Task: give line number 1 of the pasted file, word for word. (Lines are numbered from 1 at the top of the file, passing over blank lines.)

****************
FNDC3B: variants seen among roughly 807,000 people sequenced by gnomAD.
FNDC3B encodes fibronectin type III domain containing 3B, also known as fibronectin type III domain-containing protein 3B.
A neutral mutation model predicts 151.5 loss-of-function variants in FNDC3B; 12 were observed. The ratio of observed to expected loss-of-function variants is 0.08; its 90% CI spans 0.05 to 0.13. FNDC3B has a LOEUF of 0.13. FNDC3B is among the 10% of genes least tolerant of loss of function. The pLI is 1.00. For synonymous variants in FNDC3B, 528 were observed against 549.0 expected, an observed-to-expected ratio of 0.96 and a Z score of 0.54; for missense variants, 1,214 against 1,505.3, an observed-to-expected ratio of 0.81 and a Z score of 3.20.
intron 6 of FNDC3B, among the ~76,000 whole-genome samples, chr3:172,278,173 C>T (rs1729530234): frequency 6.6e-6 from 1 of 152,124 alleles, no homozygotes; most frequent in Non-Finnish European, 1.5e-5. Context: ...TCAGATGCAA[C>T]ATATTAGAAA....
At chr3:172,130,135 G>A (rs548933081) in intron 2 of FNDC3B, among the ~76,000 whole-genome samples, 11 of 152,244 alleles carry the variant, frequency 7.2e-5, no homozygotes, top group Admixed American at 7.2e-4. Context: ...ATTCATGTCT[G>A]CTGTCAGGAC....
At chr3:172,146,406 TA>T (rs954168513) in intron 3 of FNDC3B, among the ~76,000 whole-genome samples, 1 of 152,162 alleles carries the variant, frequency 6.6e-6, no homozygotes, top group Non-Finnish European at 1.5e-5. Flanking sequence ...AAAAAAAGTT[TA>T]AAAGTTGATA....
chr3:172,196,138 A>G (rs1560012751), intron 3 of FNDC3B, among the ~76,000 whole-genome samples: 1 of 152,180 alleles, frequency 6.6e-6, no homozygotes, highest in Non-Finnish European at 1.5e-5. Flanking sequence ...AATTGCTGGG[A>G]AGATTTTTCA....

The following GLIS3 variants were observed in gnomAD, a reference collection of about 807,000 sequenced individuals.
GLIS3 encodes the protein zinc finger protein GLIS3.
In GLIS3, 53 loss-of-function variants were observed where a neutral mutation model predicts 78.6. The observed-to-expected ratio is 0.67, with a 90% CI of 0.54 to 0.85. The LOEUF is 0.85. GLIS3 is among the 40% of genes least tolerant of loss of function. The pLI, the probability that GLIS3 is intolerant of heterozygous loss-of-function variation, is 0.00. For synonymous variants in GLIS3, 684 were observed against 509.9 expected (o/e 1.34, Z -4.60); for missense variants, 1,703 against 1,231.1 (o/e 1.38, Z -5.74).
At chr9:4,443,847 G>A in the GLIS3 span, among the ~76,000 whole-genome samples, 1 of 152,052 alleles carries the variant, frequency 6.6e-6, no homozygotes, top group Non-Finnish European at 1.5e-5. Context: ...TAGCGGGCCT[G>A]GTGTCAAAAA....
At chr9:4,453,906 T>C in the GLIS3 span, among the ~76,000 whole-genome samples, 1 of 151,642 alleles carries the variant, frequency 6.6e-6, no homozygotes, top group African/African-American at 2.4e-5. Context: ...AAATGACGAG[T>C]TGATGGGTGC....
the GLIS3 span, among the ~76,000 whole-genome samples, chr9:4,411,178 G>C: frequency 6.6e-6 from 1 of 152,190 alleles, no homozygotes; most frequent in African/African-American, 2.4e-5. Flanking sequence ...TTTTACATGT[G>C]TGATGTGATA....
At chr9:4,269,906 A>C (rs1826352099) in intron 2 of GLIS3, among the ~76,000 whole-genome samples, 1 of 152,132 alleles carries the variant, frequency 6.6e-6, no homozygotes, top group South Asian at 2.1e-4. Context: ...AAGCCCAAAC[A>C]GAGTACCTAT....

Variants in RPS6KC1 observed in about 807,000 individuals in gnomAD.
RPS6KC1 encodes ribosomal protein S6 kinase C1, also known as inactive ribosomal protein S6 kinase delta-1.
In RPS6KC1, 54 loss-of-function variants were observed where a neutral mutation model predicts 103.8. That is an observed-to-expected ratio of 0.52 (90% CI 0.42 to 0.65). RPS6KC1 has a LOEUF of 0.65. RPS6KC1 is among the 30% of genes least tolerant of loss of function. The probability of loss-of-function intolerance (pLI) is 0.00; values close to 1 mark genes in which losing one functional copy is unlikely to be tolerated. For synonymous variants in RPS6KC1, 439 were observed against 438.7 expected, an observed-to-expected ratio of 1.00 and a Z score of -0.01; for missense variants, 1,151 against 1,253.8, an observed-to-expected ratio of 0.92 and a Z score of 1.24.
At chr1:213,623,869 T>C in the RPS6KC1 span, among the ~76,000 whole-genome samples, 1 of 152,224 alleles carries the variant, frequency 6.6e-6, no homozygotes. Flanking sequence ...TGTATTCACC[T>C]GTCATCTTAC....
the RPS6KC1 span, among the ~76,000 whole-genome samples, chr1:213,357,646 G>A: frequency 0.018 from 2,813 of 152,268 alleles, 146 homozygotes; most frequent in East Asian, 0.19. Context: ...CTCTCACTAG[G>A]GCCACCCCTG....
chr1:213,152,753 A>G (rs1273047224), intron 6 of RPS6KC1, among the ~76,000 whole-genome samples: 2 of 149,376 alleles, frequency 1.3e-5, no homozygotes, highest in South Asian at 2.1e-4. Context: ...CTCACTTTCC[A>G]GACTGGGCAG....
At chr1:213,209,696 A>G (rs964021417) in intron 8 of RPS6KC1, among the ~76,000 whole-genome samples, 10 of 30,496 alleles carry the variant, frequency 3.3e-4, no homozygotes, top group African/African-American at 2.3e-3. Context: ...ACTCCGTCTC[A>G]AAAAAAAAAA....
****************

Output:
FNDC3B: variants seen among roughly 807,000 people sequenced by gnomAD.